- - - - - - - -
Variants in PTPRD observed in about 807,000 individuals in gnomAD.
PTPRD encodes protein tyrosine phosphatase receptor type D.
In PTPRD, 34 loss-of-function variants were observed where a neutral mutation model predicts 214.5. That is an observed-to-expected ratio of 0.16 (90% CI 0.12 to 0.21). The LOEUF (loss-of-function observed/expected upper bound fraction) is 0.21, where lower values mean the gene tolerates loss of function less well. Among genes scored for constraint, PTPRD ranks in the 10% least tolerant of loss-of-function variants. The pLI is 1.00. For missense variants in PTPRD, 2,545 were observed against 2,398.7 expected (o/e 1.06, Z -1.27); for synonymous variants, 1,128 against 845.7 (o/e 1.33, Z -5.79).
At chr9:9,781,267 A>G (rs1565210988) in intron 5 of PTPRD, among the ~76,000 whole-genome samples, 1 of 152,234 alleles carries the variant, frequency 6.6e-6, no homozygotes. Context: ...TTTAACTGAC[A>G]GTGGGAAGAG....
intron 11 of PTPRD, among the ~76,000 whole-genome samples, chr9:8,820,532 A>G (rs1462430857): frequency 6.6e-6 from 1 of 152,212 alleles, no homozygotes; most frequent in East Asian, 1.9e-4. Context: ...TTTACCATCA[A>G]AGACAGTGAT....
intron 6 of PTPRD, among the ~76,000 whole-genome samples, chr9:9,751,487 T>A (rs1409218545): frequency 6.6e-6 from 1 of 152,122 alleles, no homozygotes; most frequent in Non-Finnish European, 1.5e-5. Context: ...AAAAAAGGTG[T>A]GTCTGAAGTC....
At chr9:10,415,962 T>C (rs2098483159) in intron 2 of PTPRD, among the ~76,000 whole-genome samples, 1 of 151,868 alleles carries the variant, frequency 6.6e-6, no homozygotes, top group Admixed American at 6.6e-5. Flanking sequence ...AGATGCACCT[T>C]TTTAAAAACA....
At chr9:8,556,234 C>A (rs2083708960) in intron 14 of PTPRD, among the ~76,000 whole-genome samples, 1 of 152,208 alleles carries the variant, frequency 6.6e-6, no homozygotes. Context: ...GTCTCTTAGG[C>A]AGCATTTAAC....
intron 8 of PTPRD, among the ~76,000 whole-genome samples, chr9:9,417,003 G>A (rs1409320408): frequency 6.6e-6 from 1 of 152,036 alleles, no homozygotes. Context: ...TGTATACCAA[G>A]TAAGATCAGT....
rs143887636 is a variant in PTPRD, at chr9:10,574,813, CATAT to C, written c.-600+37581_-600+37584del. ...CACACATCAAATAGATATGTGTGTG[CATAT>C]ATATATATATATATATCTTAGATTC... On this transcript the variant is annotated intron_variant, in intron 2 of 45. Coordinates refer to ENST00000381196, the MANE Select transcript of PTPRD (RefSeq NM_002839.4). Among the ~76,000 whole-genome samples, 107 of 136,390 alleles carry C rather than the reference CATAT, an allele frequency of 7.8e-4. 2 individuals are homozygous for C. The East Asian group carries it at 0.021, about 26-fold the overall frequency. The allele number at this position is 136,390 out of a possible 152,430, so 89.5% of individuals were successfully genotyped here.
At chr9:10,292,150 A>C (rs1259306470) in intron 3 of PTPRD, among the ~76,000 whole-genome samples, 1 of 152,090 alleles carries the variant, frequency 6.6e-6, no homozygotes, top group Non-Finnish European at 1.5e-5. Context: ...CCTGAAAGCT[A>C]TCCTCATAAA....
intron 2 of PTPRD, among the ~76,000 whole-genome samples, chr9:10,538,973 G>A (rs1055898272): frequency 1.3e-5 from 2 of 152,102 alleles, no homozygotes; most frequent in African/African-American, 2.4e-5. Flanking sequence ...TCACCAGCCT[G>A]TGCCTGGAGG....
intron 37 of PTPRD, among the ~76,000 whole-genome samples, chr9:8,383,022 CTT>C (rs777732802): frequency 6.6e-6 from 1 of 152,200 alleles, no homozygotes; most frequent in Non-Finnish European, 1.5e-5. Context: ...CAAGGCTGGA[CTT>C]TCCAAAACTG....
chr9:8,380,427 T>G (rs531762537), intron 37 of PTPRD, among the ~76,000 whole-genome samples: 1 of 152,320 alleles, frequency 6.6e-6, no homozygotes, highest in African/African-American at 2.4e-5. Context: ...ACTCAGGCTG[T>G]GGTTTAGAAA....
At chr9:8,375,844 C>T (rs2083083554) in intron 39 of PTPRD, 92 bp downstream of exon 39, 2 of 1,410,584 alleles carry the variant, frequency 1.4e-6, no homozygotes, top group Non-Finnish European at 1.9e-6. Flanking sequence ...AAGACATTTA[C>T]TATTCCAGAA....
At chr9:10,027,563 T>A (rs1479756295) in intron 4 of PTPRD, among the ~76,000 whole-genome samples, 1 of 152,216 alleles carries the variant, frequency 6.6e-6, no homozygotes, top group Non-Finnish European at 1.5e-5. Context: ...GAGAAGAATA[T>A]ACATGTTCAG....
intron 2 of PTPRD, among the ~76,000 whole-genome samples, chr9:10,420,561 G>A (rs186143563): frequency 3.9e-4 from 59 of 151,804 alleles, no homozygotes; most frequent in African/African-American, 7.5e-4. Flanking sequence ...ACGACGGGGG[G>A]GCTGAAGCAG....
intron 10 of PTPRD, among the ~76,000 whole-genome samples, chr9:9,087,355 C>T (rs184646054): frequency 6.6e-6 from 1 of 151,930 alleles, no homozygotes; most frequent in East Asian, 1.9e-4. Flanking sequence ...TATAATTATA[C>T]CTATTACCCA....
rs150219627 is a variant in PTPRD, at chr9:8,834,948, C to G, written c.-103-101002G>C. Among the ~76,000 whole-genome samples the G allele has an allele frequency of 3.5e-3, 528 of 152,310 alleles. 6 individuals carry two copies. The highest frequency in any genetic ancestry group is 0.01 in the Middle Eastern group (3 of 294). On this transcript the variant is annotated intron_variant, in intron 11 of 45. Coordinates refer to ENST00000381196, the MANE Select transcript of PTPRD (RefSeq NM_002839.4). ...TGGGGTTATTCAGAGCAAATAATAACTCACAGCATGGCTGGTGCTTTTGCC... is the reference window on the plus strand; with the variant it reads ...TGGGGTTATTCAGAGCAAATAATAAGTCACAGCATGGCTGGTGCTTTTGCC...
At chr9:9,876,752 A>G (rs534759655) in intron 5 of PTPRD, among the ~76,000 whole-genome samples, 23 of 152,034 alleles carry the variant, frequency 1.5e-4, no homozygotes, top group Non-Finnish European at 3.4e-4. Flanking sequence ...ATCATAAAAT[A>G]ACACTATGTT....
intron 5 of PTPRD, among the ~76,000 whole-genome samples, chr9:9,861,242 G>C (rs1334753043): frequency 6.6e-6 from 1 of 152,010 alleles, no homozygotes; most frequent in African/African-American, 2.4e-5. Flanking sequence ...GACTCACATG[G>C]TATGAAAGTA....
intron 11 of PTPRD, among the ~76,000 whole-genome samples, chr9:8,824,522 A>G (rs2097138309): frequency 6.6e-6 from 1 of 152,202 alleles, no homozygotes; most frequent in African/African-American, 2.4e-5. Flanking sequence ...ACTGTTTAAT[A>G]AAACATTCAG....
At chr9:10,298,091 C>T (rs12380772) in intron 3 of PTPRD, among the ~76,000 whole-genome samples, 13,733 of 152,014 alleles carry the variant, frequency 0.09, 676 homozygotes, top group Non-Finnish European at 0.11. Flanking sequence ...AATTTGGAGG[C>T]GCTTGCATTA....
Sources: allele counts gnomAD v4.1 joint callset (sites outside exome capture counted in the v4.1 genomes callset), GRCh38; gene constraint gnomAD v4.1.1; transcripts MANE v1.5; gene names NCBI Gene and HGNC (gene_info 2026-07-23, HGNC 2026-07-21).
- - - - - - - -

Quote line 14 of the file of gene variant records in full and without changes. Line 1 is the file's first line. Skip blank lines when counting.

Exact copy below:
chr9:8,380,427 T>G (rs531762537), intron 37 of PTPRD, among the ~76,000 whole-genome samples: 1 of 152,320 alleles, frequency 6.6e-6, no homozygotes, highest in African/African-American at 2.4e-5. Context: ...ACTCAGGCTG[T>G]GGTTTAGAAA....